Patricia Petherick obituary: Her three great loves were family, faith and friends

Life’s lost to Covid-19: Patricia was always going somewhere

Patricia Petherick  was mother to three children but the family also fostered  a boy  from the Goldenbridge Orphanage.

Patricia Petherick was mother to three children but the family also fostered a boy from the Goldenbridge Orphanage.

 

This article is one of a series about people who have died with coronavirus in Ireland and among the diaspora. Read more at irishtimes.com/covid-19-lives-lost. If you would like a friend or family member included in the series, please email: liveslost@irishtimes.com.

Patricia Petherick
1930-2020

Patricia Petherick’s daughter Ruth had been sorting through thousands of family photographs in the attic in the run-up to her mother’s 90th birthday.

“It was great in the sense that I learned stuff about her that I didn’t know. It started out as one of these jigsaw puzzles where nothing fits and then gradually a picture started to emerge,” she says.

Patricia was born in Dublin in 1930, one of six children to Richard McEvoy and Brigid Kelly. As a child she loved school, so much so she made the uncommon progression to second level and later became a dress maker.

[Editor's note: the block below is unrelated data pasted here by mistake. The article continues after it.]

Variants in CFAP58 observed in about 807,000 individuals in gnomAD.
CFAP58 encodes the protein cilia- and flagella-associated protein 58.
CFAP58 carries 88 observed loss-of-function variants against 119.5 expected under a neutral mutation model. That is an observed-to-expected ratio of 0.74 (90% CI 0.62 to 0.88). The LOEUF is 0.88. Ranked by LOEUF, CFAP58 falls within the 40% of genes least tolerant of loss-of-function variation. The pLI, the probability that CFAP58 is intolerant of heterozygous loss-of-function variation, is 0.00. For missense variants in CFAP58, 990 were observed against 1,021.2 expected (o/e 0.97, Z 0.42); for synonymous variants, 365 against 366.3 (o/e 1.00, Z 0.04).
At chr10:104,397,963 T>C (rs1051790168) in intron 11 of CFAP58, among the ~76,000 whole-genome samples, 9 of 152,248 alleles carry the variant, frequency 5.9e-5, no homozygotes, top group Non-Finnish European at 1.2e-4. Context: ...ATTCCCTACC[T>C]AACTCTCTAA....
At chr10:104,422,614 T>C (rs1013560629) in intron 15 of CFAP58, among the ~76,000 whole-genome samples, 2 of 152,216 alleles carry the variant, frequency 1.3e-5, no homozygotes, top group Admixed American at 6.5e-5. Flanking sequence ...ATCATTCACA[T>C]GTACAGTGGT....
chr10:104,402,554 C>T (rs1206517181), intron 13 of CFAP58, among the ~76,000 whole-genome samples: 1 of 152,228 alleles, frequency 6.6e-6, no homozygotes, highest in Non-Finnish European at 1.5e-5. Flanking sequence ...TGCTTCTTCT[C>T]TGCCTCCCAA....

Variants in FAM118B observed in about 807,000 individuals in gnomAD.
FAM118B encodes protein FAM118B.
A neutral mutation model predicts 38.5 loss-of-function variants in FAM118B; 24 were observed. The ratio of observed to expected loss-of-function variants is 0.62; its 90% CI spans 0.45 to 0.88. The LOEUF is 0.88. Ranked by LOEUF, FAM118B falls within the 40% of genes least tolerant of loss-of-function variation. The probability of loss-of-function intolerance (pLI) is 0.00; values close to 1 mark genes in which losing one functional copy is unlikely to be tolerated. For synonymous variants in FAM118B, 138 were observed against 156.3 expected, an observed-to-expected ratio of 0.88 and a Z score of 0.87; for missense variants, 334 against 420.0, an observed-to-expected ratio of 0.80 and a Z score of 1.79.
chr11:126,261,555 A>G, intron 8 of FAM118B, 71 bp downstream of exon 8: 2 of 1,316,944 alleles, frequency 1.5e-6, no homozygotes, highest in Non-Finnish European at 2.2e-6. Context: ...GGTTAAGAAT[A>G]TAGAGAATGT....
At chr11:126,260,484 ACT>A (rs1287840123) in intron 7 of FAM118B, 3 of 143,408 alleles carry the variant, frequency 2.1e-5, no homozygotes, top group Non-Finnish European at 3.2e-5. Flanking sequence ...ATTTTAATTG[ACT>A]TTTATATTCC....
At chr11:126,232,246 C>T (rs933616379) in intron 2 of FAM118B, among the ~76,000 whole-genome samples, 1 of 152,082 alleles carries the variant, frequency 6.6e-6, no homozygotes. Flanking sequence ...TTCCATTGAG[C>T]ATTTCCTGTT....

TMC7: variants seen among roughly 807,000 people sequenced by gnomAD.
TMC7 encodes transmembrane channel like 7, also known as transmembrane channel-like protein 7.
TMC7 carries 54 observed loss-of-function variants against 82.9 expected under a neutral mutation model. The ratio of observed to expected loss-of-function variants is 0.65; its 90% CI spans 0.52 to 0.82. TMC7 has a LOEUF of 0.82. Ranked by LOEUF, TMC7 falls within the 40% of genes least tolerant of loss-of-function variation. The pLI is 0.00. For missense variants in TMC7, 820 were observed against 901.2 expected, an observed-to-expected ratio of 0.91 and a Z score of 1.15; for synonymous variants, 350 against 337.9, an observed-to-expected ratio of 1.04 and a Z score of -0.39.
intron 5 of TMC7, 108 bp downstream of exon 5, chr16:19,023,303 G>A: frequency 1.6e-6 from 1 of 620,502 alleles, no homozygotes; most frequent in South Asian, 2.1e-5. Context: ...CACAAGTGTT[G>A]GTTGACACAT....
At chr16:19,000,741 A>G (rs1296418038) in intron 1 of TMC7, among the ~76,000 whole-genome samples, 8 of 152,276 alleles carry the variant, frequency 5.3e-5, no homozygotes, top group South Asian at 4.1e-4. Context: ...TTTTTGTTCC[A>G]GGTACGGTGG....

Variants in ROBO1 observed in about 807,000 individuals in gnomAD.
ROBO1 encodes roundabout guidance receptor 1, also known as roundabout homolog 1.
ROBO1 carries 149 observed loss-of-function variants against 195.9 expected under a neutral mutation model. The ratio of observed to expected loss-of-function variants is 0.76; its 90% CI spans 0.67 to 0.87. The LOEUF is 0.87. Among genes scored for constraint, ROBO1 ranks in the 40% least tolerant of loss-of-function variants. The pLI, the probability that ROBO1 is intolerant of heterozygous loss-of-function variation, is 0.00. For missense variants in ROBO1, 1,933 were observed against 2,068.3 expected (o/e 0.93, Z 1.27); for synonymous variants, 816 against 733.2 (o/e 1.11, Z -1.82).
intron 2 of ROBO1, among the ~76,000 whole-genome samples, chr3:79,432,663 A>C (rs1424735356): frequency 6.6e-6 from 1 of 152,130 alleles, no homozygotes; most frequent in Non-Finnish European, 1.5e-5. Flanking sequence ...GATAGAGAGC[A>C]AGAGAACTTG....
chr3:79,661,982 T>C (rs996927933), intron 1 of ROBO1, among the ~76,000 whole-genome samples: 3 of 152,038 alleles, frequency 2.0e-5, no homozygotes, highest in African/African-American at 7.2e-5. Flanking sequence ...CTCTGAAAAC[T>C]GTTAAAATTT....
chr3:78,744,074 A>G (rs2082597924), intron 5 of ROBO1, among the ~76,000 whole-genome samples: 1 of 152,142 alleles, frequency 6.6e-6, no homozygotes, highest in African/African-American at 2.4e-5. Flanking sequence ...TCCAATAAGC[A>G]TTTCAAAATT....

She met her husband, Thomas, in the early 1960s. Ruth still has the early letters capturing the birth of a lifelong relationship.

“They just connected. My dad actually said to my mam, if we are ever not with other people would you go dancing with me? And she said yes.”

When that situation presented itself some time later, letters that would take days to reach each other set out arrangements to meet at Clery’s on Dublin’s O’Connell Street.

They married in 1963 and eventually moved into the Tenters area of the Liberties.

Patricia was mother to three children – Maurice, Ruth and Louise – but the family also spent years fostering a boy called Gerard from the Goldenbridge Orphanage.

Thomas worked as a dental technician and, says Ruth, “Between them I think they put teeth and clothes on most of the kids in the neighbourhood. I don’t know that she ever charged a penny.”

She was heavily involved in the community, with a ladies’ club, doing charity work, the residents’ association and even helping to found a senior citizens’ club for which she could reliably be seen baking every Wednesday. “She was always going somewhere,” says Ruth.

“In order of importance for her, it was family, faith, friends and community. They were her three great loves and she devoted her life to them.”

In later life, Patricia and Thomas (who died in 2016) travelled around Europe and in the 2000s they visited Australia to visit her brother Richard whom she hadn’t seen in more than 40 years.

“They weren’t back that long when he died,” says Ruth. “I think around about then we started to notice things about Mam being a little bit amiss: being very preoccupied with her childhood, telling the same stories over and over again. I would have been very close to Mam and I just felt that something wasn’t right.”

Shortly afterwards she was diagnosed with mixed dementia and eventually went to live in a nursing home. Staff at the Little Sisters of the Poor in Sybil Hill allowed her family, kitted out in personal protective equipment, to see her for four days and nights before she died.

“A lot of families didn’t have that,” says Ruth.

Covid-19: Lives Lost

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